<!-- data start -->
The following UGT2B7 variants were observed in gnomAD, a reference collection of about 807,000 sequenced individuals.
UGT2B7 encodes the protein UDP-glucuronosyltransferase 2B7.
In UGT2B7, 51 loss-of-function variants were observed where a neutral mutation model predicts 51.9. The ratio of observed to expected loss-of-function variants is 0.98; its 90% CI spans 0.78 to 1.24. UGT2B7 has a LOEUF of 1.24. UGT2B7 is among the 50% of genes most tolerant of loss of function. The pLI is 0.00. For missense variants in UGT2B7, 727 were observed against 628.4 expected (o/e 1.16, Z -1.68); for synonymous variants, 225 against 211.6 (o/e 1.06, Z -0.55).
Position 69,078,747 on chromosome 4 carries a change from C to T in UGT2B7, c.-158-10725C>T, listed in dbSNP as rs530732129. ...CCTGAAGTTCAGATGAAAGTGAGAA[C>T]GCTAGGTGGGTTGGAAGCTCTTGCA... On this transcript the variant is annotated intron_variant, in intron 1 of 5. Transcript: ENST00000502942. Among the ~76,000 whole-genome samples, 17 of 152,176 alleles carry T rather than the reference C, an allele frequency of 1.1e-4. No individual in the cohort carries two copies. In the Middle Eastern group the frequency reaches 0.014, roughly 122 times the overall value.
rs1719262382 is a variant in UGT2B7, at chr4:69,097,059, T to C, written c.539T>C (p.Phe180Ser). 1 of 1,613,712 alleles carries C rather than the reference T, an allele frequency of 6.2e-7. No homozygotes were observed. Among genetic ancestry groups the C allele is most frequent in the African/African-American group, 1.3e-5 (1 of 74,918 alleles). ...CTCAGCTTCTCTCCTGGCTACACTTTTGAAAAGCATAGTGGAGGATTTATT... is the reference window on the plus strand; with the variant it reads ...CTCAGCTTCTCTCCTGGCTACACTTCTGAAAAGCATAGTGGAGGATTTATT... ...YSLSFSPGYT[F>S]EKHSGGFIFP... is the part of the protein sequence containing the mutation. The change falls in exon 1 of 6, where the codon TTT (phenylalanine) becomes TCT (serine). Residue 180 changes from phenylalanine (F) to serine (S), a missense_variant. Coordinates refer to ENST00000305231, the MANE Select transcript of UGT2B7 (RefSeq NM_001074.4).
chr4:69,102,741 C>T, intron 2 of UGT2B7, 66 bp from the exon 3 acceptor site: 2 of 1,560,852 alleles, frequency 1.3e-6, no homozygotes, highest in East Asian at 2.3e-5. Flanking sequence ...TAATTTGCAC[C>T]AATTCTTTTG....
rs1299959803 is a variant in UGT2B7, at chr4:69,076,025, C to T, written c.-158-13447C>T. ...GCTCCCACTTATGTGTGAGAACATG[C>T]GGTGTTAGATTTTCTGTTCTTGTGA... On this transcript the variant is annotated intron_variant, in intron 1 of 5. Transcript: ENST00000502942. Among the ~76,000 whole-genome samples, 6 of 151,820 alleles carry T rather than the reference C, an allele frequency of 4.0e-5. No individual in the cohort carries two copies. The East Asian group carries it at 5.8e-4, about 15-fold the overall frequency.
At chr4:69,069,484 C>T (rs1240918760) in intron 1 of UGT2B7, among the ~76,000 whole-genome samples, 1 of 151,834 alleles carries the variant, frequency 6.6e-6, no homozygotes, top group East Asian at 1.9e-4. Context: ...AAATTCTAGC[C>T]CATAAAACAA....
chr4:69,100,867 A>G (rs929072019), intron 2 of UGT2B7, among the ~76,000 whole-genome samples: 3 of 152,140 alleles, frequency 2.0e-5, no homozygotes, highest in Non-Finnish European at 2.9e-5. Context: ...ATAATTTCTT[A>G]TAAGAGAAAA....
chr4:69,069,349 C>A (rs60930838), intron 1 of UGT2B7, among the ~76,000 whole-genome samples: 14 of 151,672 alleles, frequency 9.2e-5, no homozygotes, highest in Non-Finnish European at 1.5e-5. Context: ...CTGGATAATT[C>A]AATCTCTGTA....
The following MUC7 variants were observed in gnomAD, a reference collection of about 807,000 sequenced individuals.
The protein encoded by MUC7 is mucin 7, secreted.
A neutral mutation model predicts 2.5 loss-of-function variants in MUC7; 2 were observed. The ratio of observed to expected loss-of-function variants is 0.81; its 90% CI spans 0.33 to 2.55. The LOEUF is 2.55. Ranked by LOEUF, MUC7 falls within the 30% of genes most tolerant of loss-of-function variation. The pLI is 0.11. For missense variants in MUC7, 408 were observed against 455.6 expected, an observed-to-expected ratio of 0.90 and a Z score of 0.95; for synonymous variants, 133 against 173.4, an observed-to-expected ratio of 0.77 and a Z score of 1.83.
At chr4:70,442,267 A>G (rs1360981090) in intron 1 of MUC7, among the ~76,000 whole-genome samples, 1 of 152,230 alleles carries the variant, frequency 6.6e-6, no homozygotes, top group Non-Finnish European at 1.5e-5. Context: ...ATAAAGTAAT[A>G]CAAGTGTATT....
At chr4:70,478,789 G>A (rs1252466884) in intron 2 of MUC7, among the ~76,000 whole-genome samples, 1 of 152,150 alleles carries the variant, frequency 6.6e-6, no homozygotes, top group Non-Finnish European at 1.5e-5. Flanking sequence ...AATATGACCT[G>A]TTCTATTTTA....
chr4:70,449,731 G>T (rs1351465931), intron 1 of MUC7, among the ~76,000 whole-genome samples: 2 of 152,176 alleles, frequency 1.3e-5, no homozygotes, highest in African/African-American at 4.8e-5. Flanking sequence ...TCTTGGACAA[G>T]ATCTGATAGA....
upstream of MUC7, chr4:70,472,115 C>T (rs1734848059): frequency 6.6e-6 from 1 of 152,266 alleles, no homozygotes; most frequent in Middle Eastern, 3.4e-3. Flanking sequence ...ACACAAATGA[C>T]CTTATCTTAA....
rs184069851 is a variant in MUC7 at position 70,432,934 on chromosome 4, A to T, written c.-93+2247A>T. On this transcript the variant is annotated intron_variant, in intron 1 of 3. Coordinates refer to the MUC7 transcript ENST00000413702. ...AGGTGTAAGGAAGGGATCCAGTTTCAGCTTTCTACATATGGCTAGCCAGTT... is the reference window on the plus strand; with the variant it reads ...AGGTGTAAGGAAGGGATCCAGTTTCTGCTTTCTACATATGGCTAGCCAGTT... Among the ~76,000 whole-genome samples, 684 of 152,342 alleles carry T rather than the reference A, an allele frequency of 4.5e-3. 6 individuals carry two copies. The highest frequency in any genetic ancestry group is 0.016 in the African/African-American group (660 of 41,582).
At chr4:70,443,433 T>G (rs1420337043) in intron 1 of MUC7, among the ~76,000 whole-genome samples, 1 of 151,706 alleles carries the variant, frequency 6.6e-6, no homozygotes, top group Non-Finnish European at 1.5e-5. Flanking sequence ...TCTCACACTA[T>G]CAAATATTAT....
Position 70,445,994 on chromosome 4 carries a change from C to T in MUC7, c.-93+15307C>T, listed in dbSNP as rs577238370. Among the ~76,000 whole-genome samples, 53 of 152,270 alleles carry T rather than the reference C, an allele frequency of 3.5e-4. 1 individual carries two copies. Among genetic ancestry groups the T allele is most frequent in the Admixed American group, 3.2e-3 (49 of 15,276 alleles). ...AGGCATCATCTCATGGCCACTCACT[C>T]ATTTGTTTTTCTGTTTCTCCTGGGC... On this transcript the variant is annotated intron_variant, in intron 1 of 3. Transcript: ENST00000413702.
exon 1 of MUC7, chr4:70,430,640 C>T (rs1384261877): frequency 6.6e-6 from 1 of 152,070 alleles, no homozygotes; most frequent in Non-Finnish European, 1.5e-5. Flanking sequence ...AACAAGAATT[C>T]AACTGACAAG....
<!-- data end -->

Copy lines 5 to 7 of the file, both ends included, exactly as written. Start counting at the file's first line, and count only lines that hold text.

rs1719262382 is a variant in UGT2B7, at chr4:69,097,059, T to C, written c.539T>C (p.Phe180Ser). 1 of 1,613,712 alleles carries C rather than the reference T, an allele frequency of 6.2e-7. No homozygotes were observed. Among genetic ancestry groups the C allele is most frequent in the African/African-American group, 1.3e-5 (1 of 74,918 alleles). ...CTCAGCTTCTCTCCTGGCTACACTTTTGAAAAGCATAGTGGAGGATTTATT... is the reference window on the plus strand; with the variant it reads ...CTCAGCTTCTCTCCTGGCTACACTTCTGAAAAGCATAGTGGAGGATTTATT... ...YSLSFSPGYT[F>S]EKHSGGFIFP... is the part of the protein sequence containing the mutation. The change falls in exon 1 of 6, where the codon TTT (phenylalanine) becomes TCT (serine). Residue 180 changes from phenylalanine (F) to serine (S), a missense_variant. Coordinates refer to ENST00000305231, the MANE Select transcript of UGT2B7 (RefSeq NM_001074.4).
chr4:69,102,741 C>T, intron 2 of UGT2B7, 66 bp from the exon 3 acceptor site: 2 of 1,560,852 alleles, frequency 1.3e-6, no homozygotes, highest in East Asian at 2.3e-5. Flanking sequence ...TAATTTGCAC[C>T]AATTCTTTTG....
rs1299959803 is a variant in UGT2B7, at chr4:69,076,025, C to T, written c.-158-13447C>T. ...GCTCCCACTTATGTGTGAGAACATG[C>T]GGTGTTAGATTTTCTGTTCTTGTGA... On this transcript the variant is annotated intron_variant, in intron 1 of 5. Transcript: ENST00000502942. Among the ~76,000 whole-genome samples, 6 of 151,820 alleles carry T rather than the reference C, an allele frequency of 4.0e-5. No individual in the cohort carries two copies. The East Asian group carries it at 5.8e-4, about 15-fold the overall frequency.